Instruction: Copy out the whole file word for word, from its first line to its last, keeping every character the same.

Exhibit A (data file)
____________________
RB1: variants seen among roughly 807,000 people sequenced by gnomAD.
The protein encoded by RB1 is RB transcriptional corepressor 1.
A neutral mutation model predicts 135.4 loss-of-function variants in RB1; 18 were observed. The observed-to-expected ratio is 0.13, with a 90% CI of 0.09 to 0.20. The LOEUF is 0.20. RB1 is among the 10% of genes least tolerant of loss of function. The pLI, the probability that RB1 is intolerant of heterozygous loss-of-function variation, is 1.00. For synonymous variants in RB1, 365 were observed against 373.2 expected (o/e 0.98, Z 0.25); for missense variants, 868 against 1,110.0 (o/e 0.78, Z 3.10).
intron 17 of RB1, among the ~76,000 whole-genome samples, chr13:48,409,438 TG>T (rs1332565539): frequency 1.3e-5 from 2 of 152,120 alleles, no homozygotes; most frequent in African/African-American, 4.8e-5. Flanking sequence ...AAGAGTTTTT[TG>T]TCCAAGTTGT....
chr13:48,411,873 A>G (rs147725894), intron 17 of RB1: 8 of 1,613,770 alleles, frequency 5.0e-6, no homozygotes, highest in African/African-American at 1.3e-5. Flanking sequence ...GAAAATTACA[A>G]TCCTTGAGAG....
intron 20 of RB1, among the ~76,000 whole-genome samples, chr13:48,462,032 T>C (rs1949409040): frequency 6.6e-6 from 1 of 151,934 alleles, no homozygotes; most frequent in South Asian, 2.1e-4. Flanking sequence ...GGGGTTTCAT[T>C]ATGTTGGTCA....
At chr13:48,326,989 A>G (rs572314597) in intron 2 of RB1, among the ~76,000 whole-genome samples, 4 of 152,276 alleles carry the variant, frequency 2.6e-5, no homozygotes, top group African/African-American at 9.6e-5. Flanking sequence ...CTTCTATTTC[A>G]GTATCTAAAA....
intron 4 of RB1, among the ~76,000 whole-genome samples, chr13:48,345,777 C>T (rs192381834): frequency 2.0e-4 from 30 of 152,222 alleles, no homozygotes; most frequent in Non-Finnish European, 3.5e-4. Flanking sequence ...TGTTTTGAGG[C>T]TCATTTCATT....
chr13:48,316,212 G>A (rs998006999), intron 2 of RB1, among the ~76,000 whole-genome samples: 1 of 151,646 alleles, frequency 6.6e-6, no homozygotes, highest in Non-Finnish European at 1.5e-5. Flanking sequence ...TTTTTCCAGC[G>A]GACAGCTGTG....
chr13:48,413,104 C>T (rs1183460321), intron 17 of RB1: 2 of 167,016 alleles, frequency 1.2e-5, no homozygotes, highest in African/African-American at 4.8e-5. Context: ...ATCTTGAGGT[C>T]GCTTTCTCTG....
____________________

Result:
RB1: variants seen among roughly 807,000 people sequenced by gnomAD.
The protein encoded by RB1 is RB transcriptional corepressor 1.
A neutral mutation model predicts 135.4 loss-of-function variants in RB1; 18 were observed. The observed-to-expected ratio is 0.13, with a 90% CI of 0.09 to 0.20. The LOEUF is 0.20. RB1 is among the 10% of genes least tolerant of loss of function. The pLI, the probability that RB1 is intolerant of heterozygous loss-of-function variation, is 1.00. For synonymous variants in RB1, 365 were observed against 373.2 expected (o/e 0.98, Z 0.25); for missense variants, 868 against 1,110.0 (o/e 0.78, Z 3.10).
intron 17 of RB1, among the ~76,000 whole-genome samples, chr13:48,409,438 TG>T (rs1332565539): frequency 1.3e-5 from 2 of 152,120 alleles, no homozygotes; most frequent in African/African-American, 4.8e-5. Flanking sequence ...AAGAGTTTTT[TG>T]TCCAAGTTGT....
chr13:48,411,873 A>G (rs147725894), intron 17 of RB1: 8 of 1,613,770 alleles, frequency 5.0e-6, no homozygotes, highest in African/African-American at 1.3e-5. Flanking sequence ...GAAAATTACA[A>G]TCCTTGAGAG....
intron 20 of RB1, among the ~76,000 whole-genome samples, chr13:48,462,032 T>C (rs1949409040): frequency 6.6e-6 from 1 of 151,934 alleles, no homozygotes; most frequent in South Asian, 2.1e-4. Flanking sequence ...GGGGTTTCAT[T>C]ATGTTGGTCA....
At chr13:48,326,989 A>G (rs572314597) in intron 2 of RB1, among the ~76,000 whole-genome samples, 4 of 152,276 alleles carry the variant, frequency 2.6e-5, no homozygotes, top group African/African-American at 9.6e-5. Flanking sequence ...CTTCTATTTC[A>G]GTATCTAAAA....
intron 4 of RB1, among the ~76,000 whole-genome samples, chr13:48,345,777 C>T (rs192381834): frequency 2.0e-4 from 30 of 152,222 alleles, no homozygotes; most frequent in Non-Finnish European, 3.5e-4. Flanking sequence ...TGTTTTGAGG[C>T]TCATTTCATT....
chr13:48,316,212 G>A (rs998006999), intron 2 of RB1, among the ~76,000 whole-genome samples: 1 of 151,646 alleles, frequency 6.6e-6, no homozygotes, highest in Non-Finnish European at 1.5e-5. Flanking sequence ...TTTTTCCAGC[G>A]GACAGCTGTG....
chr13:48,413,104 C>T (rs1183460321), intron 17 of RB1: 2 of 167,016 alleles, frequency 1.2e-5, no homozygotes, highest in African/African-American at 4.8e-5. Context: ...ATCTTGAGGT[C>T]GCTTTCTCTG....